Fear is a dragon.
For many it takes shape as public speaking, snakes, spiders and mysterious sounds, and for others the imagined actions of gargoyles and dragons.
Confronting that dragon takes courage.
Dr. Calvin Rooney knew something about this.
A fictional character in Clive Cussler’s 1986 best-selling novel, “Cyclops,” the good doctor is on a 35-foot boat named Southern Comfort where he is headed out to sea.
“I hate boats,” Rooney gripes to the pilot, Sheriff Tyler Sweat. “I can’t swim, can’t float, and get seasick looking through the window of a washing machine.
His fear mounting, Rooney then asks Sweat, “Where do you keep the courage?”
“Down in the forward cabin,” Sweat replied. “Help yourself. There’s ice in the brass diver’s helmet.”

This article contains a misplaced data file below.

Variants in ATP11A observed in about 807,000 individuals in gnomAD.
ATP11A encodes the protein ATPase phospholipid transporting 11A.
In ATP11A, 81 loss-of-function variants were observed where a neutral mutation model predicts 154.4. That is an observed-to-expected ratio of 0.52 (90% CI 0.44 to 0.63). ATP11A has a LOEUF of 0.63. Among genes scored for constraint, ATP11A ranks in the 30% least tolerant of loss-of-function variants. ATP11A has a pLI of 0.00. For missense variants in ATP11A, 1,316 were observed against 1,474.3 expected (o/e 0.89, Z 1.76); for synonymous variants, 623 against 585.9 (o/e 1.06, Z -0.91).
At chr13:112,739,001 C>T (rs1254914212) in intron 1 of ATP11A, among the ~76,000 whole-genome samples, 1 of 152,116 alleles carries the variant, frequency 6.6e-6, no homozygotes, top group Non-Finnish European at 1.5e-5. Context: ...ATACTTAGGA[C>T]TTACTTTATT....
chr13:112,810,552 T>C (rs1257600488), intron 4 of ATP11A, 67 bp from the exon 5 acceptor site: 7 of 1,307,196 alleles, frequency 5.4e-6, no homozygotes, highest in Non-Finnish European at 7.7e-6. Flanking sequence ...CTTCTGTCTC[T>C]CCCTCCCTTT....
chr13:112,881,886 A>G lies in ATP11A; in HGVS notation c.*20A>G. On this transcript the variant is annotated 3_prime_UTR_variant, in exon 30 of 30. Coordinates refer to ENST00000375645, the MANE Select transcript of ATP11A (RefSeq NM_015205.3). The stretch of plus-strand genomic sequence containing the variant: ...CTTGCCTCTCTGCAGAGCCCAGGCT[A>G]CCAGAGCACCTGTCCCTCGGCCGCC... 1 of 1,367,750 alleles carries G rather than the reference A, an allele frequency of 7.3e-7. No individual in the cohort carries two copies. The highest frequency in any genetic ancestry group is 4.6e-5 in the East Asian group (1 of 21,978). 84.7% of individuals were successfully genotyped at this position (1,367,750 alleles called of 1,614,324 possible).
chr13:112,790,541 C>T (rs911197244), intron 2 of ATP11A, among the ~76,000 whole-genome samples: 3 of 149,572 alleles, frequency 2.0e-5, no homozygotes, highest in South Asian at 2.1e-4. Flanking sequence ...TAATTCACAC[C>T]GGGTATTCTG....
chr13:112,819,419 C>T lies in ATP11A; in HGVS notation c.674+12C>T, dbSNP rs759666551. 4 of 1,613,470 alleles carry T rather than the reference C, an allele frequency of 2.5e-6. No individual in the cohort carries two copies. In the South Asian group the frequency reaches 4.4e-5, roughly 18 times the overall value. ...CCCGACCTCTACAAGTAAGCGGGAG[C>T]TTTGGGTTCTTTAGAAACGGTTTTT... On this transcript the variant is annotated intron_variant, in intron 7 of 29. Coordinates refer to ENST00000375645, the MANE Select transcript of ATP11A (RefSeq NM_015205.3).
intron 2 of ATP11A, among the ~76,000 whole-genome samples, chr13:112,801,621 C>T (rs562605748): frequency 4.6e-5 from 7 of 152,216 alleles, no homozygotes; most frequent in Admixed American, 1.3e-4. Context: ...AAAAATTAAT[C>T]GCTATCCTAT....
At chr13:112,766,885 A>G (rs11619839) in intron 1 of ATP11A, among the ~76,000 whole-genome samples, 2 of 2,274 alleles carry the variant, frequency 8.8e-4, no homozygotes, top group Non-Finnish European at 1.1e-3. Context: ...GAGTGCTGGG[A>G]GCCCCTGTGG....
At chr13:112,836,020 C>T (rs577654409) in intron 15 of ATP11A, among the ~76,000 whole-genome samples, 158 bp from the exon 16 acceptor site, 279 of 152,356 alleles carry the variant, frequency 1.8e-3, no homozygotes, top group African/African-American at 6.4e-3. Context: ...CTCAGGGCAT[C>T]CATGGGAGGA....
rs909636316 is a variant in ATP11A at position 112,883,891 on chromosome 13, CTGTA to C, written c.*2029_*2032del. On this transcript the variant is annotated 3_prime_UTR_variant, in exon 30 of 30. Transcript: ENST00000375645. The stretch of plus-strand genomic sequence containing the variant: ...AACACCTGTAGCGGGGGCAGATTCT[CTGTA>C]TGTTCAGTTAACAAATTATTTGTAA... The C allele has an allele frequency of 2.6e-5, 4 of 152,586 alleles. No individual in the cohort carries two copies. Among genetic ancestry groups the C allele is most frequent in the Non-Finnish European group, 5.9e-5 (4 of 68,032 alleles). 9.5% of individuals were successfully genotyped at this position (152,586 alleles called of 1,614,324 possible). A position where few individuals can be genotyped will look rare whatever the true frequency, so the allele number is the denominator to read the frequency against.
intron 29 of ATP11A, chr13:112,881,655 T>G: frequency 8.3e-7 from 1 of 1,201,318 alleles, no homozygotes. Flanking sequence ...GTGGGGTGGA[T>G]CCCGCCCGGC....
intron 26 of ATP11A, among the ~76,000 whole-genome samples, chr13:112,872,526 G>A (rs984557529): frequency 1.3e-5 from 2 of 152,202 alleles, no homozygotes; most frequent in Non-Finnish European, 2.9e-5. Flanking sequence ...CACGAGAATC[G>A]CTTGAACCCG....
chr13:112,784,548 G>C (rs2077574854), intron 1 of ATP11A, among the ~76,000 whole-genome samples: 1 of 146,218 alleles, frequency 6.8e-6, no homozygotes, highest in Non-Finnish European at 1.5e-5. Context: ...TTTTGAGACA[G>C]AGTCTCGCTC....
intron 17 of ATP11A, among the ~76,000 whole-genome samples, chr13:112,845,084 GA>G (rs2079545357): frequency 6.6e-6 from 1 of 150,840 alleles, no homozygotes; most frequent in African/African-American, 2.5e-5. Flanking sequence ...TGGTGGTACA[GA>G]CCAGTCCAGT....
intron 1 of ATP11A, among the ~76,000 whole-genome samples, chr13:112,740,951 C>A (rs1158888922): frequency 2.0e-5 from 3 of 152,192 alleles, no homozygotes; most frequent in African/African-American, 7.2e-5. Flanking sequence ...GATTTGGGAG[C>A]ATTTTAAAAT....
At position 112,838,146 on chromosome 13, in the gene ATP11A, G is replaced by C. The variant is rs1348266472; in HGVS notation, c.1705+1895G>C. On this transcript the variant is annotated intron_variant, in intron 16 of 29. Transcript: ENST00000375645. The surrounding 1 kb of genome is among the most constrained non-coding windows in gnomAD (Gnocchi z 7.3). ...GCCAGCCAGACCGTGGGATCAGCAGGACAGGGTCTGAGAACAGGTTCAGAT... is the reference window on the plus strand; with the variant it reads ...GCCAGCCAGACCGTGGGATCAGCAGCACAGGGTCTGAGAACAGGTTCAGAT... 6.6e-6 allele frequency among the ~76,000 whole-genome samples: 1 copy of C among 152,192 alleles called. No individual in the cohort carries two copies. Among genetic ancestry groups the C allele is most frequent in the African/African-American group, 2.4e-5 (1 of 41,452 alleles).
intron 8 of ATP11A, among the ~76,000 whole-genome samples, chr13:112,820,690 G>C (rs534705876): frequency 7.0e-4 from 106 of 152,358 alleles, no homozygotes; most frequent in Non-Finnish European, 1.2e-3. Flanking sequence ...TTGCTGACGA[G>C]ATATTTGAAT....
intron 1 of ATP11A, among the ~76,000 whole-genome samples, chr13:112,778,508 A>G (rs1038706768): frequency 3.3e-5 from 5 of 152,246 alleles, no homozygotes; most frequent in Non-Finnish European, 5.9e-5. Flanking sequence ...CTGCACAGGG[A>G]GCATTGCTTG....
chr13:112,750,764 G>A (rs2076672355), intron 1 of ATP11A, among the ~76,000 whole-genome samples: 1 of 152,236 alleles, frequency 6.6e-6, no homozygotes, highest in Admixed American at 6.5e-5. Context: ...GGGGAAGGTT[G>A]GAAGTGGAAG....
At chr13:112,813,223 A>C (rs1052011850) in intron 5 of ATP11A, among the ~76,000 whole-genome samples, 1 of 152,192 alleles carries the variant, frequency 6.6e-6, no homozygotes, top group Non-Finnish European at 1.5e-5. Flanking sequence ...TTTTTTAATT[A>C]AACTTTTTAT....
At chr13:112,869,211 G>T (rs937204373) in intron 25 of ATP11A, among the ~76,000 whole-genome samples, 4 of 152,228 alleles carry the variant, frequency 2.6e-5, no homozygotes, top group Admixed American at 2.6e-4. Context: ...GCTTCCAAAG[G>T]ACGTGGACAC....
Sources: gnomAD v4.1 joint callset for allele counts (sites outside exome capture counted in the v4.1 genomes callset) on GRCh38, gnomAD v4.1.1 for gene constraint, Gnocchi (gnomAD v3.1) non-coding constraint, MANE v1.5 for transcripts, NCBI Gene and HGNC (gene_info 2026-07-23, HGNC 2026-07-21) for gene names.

A few drinks later, Rooney feels better.
But his fear of the sea – his dragon – quietly remains.
Bottled courage can certainly but temporarily bolster the confidence of a timid soul, but it usually leads to one’s swaggering and stumbling forth to confront one’s dragons.
Courage is not a heroic deed or saga comprised of tales – or Disney movies – of knights and damsels fighting off winged, fire-breathing dragons.
No, courage comes from the heart; it is the confronting of the dragons of doubt and despair; it is the revealing of itself in the open light of day; it is the articulating of the truth; it is the facing of one’s friends and speaking truth to them.
As President Harry S. Truman once observed, “It takes courage to face a duelist with a pistol and it takes courage to face a British general with an army. But it takes still greater and far higher courage to face friends with a grievance.”
Courage defeats dragons.
The views expressed in this article are the writer’s own.